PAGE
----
Despite Joe Biden now securing enough electoral votes from certified states to unequivocally be the president-elect — and despite investigators finding no evidence of widespread electoral fraud as courts nationwide have declined to overturn the vote — a slew of Republican lawmakers are still not publicly accepting the results of the 2020 presidential election.
This Week host George Stephanopoulos on Sunday pressed one such representative, Indiana Sen. Mike Braun, on Braun's continued support for President Donald Trump, who has not provided proof of his conspiratorial claims the election was "stolen."
Skirting around the question of whether or not he actually acknowledged former Vice President Biden's victory — with an inauguration some six weeks away — Braun, 66, instead repeated the unverified allegations about fraud and wrongdoing, many of which have been debunked, including by local Republican officials.
Noting that Biden's victory had now been certified in states "totaling 279 electoral votes," Stephanopoulos asked Braun, "So do you now accept that he's president-elect?"
Braun responded: "Well, we've got a process I think we've been going through since the election and it's gonna play itself out. I think that we've got a threshold coming on Dec. 14 that when the electoral college meets … I think when you reflexively dismiss that maybe nothing has happened at all, versus the other side of the spectrum — system fraud, widespread — it's a wide gulf."
"So whether we dismiss it reflexively, whether we would find widespread fraud, there's a wide gulf in between," Braun continued. "And I think that when you just say that there's nothing there, you're going to have half of the country uncertain about what just happened and disgruntled going into the future."
Stephanopoulos, 59, continued to question Braun, saying it was "pretty hard to argue" that the allegations of fraud were "reflexively dismissed" considering the various audits and recounts, including in Republican-run states. The Department of Justice likewise said it had not found proof of Trump's claims.
"The process has played out, hasn't it? … Why can't you accept the results?" Stephanopoulos again asked Braun, who then began to bring up accusations that have already been investigated and disproven.
Braun's refusal to publicly acknowledge Biden beat Trump has been echoed by dozens of other conservative lawmakers, many of whom appear to be following the president's lead, which has broad support among the Republican base.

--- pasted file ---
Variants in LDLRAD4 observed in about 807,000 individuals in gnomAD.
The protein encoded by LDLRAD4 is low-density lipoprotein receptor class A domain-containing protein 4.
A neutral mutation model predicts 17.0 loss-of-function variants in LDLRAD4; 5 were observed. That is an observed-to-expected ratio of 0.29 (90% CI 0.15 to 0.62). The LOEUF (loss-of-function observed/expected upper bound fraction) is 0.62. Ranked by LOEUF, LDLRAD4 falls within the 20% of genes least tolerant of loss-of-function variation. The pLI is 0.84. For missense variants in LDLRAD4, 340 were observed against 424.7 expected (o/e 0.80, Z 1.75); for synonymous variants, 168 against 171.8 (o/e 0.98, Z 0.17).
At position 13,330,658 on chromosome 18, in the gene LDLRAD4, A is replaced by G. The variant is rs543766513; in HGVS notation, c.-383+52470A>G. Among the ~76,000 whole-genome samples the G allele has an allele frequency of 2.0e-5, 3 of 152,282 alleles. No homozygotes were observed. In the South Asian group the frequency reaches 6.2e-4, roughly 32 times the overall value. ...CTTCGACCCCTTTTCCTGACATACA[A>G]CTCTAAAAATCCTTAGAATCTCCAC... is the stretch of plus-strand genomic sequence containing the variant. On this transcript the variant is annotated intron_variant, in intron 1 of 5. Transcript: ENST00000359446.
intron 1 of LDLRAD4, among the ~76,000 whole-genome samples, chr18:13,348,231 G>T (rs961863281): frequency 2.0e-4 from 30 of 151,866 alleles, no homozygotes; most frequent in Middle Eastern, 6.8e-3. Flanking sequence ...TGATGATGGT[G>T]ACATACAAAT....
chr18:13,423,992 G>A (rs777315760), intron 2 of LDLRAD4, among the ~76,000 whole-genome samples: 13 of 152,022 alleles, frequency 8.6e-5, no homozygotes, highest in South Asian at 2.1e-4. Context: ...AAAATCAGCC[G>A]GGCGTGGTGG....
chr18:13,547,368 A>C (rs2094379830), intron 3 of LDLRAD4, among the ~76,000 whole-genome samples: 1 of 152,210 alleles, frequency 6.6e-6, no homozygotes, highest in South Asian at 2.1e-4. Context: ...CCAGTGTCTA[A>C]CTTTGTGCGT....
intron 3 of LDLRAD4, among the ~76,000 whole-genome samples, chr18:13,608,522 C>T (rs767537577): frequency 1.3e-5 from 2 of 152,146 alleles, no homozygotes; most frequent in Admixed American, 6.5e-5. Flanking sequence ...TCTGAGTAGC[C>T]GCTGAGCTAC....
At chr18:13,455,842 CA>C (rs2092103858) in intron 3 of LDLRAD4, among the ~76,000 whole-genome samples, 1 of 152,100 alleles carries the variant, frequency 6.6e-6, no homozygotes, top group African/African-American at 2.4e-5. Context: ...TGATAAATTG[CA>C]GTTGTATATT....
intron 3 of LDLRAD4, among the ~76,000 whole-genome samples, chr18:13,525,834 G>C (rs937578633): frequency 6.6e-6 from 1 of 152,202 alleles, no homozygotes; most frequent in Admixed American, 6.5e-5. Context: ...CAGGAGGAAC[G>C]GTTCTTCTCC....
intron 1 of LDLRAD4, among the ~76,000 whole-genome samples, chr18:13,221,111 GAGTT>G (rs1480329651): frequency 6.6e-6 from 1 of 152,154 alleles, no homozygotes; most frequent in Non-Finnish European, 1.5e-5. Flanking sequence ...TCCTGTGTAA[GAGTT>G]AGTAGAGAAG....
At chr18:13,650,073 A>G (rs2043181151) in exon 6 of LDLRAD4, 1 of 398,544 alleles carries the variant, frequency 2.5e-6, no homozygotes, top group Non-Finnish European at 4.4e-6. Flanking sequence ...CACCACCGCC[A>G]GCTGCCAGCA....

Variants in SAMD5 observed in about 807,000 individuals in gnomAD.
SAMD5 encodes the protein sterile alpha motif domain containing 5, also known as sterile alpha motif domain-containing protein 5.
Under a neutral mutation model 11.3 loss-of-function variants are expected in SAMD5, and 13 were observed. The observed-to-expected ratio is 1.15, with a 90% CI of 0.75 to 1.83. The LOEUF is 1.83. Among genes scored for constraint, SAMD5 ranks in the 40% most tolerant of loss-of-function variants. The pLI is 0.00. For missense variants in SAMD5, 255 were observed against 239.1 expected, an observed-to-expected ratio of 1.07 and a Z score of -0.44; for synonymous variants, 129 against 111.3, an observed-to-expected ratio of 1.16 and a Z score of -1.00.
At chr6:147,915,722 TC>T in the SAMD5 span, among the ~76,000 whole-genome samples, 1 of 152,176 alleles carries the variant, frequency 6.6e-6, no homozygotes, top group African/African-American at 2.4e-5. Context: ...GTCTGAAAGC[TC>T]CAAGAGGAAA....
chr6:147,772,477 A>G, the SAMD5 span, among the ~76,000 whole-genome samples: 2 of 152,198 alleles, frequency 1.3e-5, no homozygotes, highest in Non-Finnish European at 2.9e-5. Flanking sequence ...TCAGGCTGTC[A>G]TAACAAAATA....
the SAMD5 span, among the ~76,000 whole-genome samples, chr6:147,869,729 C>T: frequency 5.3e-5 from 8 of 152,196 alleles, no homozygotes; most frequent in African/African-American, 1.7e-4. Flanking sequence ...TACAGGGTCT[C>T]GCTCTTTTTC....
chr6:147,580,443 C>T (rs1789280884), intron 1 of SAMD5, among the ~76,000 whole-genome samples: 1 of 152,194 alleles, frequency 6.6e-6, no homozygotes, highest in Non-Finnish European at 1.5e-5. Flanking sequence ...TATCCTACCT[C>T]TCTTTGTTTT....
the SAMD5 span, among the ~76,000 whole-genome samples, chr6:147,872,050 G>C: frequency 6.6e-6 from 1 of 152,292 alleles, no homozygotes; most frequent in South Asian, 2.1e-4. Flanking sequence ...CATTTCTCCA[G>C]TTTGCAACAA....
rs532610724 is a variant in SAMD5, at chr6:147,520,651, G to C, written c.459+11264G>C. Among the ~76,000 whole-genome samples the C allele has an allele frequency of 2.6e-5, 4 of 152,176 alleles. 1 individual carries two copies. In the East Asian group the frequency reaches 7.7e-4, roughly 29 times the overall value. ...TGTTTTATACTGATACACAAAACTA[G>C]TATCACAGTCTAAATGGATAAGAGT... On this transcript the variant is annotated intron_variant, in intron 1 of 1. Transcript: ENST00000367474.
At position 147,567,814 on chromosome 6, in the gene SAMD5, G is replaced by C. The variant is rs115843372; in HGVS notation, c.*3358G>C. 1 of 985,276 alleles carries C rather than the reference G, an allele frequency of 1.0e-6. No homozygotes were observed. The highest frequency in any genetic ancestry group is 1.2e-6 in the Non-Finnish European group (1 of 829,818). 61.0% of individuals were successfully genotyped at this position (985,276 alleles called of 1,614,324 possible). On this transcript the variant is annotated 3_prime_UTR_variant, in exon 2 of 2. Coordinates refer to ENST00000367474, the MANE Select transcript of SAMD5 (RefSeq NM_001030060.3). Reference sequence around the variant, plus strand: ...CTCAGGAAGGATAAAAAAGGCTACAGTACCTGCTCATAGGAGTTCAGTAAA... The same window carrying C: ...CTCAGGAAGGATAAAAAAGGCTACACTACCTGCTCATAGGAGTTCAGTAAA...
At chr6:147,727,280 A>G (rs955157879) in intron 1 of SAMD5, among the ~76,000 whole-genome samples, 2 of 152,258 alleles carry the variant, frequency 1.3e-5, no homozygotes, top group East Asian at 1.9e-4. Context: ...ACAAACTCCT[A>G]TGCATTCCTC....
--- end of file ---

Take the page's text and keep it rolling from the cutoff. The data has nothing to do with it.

While the president has not conceded, elected officials like Braun have largely opted for a wait-and-see strategy, saying Trump should be allowed to make his case.
Georgia Sen. Kelly Loeffler, currently campaigning in a runoff to retain her seat, said as much during a Sunday debate.
Loeffler dodged the question of whether Trump lost, instead saying he had "every right to use every legal recourse available" to contest the election results.
But as those options have failed, one by one, only some GOP lawmakers have publicly switched their positions and said Trump, 74, should accept his defeat.
The Electoral College will officially select Biden next week and he is set to be sworn-in on Jan. 20.
Since losing the election in November, the president has argued, without evidence, that the election was "stolen" from him and claimed that it was rife with voter fraud. Trump's campaign launched a host of legal challenges to contest the results, which have by and large been unsuccessful and have not changed vote totals in the president's favor.
Following the election, The Washington Post surveyed the 249 Republicans who serve in the House of Representatives and Senate, asking: "Who won the election?"
Only 27 of those asked would acknowledge Biden’s win over Trump, with two Republicans falsely claiming that Trump was the winner and 220 refusing to answer outright, according to the Post.
The small fraction of GOP congresspeople who publicly accepted Biden's win were promptly blasted by Trump for doing so, just as he has criticized state Republicans — even staunch supporters such as Georgia Gov. Brian Kemp — he perceives as insufficiently backing him.
In a tweet released after the Post story, Trump said he wanted to have the names of the "RINOS" (short for "Republicans in name only") who acknowledge Biden as president-elect.
Trump and his allies have, at this point, nearly exhausted their legal avenues.
Tuesday marks the deadline for individual states to resolve disputes over who won. After the Electoral College meets on Dec. 14, those votes will be counted by Congress on Jan. 6.
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